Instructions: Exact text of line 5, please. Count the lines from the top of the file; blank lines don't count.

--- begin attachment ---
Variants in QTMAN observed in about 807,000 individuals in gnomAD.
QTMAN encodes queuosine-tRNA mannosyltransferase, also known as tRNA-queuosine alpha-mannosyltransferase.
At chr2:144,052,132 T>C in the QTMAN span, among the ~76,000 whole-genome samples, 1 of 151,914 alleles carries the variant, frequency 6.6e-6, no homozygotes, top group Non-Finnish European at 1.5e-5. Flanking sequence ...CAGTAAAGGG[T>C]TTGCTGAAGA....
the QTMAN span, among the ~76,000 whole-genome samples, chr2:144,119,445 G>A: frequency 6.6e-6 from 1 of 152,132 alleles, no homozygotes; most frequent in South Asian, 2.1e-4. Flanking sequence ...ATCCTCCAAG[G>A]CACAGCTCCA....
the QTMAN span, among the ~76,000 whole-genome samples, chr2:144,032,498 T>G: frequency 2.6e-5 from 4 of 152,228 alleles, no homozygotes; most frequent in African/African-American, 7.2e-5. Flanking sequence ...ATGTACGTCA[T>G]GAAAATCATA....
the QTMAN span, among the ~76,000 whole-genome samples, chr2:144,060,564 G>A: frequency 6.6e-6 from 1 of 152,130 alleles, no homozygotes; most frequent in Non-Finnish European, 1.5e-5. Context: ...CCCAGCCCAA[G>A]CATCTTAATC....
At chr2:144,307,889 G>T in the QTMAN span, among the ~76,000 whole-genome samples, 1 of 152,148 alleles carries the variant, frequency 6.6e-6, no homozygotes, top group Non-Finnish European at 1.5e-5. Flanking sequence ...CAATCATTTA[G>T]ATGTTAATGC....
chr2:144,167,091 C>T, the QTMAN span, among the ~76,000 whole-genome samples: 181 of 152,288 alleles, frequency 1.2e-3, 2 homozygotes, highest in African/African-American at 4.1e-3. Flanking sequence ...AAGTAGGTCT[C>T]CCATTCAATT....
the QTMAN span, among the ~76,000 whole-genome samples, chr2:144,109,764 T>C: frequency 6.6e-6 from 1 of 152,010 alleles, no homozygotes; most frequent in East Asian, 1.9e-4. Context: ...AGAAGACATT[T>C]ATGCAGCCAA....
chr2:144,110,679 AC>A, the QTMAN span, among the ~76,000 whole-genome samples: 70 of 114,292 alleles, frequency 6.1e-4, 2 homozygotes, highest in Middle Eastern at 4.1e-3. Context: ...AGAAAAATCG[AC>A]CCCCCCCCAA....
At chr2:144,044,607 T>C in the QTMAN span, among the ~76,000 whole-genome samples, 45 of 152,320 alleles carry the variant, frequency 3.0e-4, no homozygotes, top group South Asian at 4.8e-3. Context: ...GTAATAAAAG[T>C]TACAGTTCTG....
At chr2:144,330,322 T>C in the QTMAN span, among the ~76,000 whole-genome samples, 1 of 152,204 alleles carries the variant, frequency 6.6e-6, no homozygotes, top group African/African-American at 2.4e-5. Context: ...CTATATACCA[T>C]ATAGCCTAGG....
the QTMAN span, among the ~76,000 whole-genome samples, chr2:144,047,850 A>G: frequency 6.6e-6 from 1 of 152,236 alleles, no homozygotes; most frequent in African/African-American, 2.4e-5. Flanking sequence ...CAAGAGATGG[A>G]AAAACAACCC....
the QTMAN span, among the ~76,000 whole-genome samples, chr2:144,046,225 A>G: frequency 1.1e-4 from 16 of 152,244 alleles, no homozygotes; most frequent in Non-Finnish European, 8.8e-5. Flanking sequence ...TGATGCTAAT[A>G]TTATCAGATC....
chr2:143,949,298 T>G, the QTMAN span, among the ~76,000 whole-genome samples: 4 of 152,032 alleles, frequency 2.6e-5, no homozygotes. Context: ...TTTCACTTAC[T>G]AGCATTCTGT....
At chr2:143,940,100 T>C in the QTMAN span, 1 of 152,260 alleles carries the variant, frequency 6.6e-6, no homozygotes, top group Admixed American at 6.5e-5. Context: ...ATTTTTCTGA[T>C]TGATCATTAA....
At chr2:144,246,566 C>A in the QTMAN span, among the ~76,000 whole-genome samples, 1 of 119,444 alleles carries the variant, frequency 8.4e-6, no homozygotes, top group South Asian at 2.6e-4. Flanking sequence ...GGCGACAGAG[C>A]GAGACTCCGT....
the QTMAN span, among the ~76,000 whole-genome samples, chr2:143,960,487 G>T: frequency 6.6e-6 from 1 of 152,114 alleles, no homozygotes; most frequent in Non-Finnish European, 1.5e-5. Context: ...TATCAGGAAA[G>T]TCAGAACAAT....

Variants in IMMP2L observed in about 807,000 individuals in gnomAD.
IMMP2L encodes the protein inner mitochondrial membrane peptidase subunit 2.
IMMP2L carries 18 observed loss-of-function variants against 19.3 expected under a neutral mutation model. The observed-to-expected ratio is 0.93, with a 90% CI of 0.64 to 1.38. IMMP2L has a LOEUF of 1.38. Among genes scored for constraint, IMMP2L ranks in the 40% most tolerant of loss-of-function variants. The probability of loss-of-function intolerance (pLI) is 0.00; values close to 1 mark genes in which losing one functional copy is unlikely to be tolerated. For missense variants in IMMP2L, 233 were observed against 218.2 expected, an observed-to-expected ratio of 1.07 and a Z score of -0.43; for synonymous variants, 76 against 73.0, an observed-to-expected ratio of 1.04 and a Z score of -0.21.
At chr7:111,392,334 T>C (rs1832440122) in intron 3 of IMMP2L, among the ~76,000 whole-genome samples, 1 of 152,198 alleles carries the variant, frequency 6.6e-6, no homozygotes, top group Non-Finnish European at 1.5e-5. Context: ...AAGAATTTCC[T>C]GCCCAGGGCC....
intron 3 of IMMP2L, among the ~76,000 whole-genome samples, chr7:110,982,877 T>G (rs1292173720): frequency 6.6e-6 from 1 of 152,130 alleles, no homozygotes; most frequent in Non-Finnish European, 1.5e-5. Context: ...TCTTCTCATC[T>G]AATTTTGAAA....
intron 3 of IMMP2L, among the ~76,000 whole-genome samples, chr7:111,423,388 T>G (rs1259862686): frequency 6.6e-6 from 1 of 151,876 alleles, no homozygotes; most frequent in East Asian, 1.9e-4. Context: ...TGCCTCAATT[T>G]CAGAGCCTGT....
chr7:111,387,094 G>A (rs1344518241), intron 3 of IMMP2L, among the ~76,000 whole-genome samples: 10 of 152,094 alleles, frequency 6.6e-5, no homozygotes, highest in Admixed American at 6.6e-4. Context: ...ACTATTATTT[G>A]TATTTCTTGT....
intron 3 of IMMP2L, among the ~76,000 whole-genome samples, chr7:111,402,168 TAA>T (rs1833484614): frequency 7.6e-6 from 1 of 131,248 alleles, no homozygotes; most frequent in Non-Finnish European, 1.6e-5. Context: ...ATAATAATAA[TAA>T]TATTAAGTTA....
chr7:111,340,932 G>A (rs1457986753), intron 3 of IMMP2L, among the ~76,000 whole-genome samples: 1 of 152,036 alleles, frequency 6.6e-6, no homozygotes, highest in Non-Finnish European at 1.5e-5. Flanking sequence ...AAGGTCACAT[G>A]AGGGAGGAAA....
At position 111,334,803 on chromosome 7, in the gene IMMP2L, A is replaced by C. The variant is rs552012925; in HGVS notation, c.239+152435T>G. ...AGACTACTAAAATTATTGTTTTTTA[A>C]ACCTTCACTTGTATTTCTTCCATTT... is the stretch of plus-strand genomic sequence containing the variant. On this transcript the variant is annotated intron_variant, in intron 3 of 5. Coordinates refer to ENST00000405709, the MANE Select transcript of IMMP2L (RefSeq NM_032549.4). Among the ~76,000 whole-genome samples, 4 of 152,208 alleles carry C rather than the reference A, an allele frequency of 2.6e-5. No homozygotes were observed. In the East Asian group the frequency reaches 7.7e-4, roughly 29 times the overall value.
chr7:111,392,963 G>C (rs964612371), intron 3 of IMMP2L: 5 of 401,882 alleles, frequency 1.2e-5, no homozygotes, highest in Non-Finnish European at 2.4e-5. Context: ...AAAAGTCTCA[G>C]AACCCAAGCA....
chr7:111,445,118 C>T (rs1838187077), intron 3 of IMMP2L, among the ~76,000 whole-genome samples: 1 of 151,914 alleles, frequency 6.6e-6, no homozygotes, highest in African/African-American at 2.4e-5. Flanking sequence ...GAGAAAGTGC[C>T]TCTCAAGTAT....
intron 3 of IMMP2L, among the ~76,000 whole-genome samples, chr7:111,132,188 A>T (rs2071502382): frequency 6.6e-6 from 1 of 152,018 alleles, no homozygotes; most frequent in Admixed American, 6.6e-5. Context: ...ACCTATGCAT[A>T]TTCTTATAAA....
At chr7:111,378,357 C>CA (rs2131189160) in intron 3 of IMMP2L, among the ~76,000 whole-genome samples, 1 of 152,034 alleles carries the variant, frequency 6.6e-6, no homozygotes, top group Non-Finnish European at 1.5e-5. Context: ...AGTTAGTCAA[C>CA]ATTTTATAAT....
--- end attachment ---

the QTMAN span, among the ~76,000 whole-genome samples, chr2:144,032,498 T>G: frequency 2.6e-5 from 4 of 152,228 alleles, no homozygotes; most frequent in African/African-American, 7.2e-5. Flanking sequence ...ATGTACGTCA[T>G]GAAAATCATA....